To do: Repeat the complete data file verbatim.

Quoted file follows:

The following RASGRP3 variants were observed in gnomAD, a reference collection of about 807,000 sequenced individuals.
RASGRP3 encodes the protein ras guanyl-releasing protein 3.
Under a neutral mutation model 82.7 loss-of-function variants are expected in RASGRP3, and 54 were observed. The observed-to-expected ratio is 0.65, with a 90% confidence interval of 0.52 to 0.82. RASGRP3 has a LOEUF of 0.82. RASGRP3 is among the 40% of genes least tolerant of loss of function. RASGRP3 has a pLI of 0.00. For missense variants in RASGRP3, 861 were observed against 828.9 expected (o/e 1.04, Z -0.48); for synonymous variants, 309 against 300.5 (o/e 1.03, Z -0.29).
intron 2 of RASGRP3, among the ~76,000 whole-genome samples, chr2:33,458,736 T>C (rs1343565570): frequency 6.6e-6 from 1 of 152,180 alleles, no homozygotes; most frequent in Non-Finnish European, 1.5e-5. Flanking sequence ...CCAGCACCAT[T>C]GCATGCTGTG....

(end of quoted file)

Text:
The following RASGRP3 variants were observed in gnomAD, a reference collection of about 807,000 sequenced individuals.
RASGRP3 encodes the protein ras guanyl-releasing protein 3.
Under a neutral mutation model 82.7 loss-of-function variants are expected in RASGRP3, and 54 were observed. The observed-to-expected ratio is 0.65, with a 90% confidence interval of 0.52 to 0.82. RASGRP3 has a LOEUF of 0.82. RASGRP3 is among the 40% of genes least tolerant of loss of function. RASGRP3 has a pLI of 0.00. For missense variants in RASGRP3, 861 were observed against 828.9 expected (o/e 1.04, Z -0.48); for synonymous variants, 309 against 300.5 (o/e 1.03, Z -0.29).
intron 2 of RASGRP3, among the ~76,000 whole-genome samples, chr2:33,458,736 T>C (rs1343565570): frequency 6.6e-6 from 1 of 152,180 alleles, no homozygotes; most frequent in Non-Finnish European, 1.5e-5. Flanking sequence ...CCAGCACCAT[T>C]GCATGCTGTG....